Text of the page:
RENO, Nevada (TBEN) – The widow and a friend of a man killed in an avalanche at a Lake Tahoe ski resort last year have filed separate lawsuits accusing the resort of negligent rushing to open the trails in dangerous conditions for a holiday weekend which is usually one of the busiest of the season.
Cole Comstock, 34, of Blairsden, Calif., Was killed and his close friend Kaley Bloom seriously injured when they were washed away in the avalanche at Alpine Meadows on January 17, 2020 – the Friday before the Martin Luther King Jr. Day. No one else was seriously injured.
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Bloom and Cole’s widow, Caitlin Raymond, recently filed the lawsuits in Placer County Superior Court. Both seek unspecified damages from Alpine Meadows for negligence, gross negligence and breach of contract. Raymond’s lawsuit also alleges that the resort is to blame for the wrongful death of her late husband.
The resort had closed the day before after several days of heavy snowfall and received an additional 11-22 inches (28-56 centimeters) of snow the night before in high winds that dramatically increase the avalanche threat, according to the lawsuits.
The Reno National Weather Service reported wind gusts of up to 116 mph atop the alpine meadows the night before.
Alpine Meadows “premature opening” on Friday “was in response to public and economic pressure to open this particular elevator and callous disregard for the dangerous combination of conditions,” according to Bloom’s lawsuit filed on February 2. He says he suffered serious and continuous injuries. and suffering.
The resort said in a statement hours after the deadly avalanche at around 10:16 a.m., avalanche mitigation work had been carried out in the area before it opened to skiers and snowboarders for the day. Such mitigation often involves the use of air cannons or other explosive detonations to intentionally set off smaller and less dangerous avalanches.
“Although we cannot comment on the pending litigation, January 17, 2020 was a devastating day for our Squaw Valley Alpine Meadows team, and we continue to share our deepest condolences with the family and friends of those affected.” Alex Spychalsky, spokesperson for the two neighboring stations, said in an email to The The Bharat Express News.
Mark Ellis, a lawyer based in Sacramento, represents the two plaintiffs.
Raymond’s lawsuit filed on January 29 indicates that Alpine Meadows “should not have opened the ski slope under the circumstances”.
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Like most ski resorts, buyers of mountain passes must sign a release form warning that participation in winter activities “may be dangerous and result in risk of injury or death.” But Raymond’s lawsuit says the resort increased the risk beyond those normally borne by a skier because Cole and Bloom thought they were skiing a safe trail because avalanche mitigation efforts were made earlier in the season. day.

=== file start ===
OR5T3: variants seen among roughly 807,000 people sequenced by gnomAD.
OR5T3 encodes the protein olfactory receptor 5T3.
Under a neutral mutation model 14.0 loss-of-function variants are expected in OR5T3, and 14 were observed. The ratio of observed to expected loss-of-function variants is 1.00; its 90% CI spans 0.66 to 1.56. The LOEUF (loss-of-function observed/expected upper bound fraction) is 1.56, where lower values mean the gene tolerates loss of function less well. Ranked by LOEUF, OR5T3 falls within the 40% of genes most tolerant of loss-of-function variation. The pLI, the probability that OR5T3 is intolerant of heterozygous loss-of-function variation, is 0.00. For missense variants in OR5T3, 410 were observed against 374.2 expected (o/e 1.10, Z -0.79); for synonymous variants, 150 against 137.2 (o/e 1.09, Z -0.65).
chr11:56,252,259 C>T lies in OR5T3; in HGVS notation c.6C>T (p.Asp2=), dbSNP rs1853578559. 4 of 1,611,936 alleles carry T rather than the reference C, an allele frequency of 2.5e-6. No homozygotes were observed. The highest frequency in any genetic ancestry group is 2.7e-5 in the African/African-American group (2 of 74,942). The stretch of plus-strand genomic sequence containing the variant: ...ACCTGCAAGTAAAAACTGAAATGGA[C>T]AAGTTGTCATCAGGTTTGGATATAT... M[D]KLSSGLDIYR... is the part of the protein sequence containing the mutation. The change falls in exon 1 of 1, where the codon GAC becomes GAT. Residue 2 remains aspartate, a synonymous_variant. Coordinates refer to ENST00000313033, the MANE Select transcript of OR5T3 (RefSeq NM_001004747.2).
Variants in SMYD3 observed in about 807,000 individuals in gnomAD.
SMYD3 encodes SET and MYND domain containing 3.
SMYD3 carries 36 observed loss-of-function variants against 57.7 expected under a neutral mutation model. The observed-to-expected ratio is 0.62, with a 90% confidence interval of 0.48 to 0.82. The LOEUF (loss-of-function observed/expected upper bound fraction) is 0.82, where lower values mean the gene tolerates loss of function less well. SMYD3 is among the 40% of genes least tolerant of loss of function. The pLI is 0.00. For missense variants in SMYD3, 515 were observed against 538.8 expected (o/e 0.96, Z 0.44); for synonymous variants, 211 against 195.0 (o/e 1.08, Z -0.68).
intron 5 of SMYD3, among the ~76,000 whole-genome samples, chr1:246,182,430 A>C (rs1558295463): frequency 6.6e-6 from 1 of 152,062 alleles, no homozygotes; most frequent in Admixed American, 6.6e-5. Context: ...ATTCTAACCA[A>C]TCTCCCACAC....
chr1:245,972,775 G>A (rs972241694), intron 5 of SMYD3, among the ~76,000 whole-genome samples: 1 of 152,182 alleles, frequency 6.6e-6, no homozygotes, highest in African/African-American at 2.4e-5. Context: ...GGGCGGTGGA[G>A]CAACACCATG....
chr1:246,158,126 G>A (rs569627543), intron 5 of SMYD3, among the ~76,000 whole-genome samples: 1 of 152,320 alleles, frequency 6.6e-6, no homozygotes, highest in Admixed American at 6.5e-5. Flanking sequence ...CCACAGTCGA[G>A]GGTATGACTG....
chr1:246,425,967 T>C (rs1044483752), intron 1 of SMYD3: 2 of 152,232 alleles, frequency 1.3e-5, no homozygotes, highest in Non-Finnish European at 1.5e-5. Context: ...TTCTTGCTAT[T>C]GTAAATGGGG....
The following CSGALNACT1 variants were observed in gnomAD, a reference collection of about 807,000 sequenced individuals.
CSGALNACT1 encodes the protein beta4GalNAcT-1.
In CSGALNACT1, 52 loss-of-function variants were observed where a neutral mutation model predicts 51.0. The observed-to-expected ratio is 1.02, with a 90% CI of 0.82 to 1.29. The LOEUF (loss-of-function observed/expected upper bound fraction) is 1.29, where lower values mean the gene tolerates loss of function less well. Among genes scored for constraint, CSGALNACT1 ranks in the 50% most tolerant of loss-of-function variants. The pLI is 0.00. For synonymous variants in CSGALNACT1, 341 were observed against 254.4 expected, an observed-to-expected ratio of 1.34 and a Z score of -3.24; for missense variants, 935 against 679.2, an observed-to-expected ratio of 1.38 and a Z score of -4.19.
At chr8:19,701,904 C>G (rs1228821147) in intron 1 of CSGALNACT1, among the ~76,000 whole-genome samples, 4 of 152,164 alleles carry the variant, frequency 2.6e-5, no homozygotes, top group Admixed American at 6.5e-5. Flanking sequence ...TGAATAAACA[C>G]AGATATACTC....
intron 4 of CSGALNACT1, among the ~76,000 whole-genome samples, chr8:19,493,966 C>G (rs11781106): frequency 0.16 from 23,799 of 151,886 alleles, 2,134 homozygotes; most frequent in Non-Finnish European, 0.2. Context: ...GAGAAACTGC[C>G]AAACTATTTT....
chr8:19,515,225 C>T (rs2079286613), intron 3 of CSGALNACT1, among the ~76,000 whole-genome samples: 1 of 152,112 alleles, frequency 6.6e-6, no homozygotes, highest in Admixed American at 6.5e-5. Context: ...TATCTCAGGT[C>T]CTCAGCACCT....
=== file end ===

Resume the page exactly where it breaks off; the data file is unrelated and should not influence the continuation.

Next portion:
The reopening of the tracks on Friday after they had closed the day before “created a false and reckless illusion of safety,” according to the lawsuit. “Inadequate and / or incomplete mitigation measures did not decrease or mitigate the risks, but rather increased the risk and turned a hazardous area into a lethal area.”
Seven people were killed in an avalanche at Alpine Meadows in 1982, but Raymond’s costume notes that most ski fatalities occur outside of the ski resort boundaries and within the boundaries avalanche fatalities are rare.
Comstock was an experienced skier who grew up in the Sierra and skied both within and out of limits depending on the conditions of the day and information from the resort and ski patrol, his widow said.
Raymond was skiing across the mountain when she received a phone call from friends telling him that there had been an avalanche. She went to wait for her husband under a chairlift.
It was then that she saw the ski patrol pulling a stretcher with someone covered in snow and blood. When they stopped and began administering CPR to the victim, she recognized the brown ski boots and realized it was her husband.
She said blood flowed from her mouth with each thrust on her chest as the patrol team took turns at the CPR for 45 minutes.
“Finally, they stopped as she watched them pull the white sheet over him. Her last image of her husband was a broken corpse already dead, ”according to the lawsuit.
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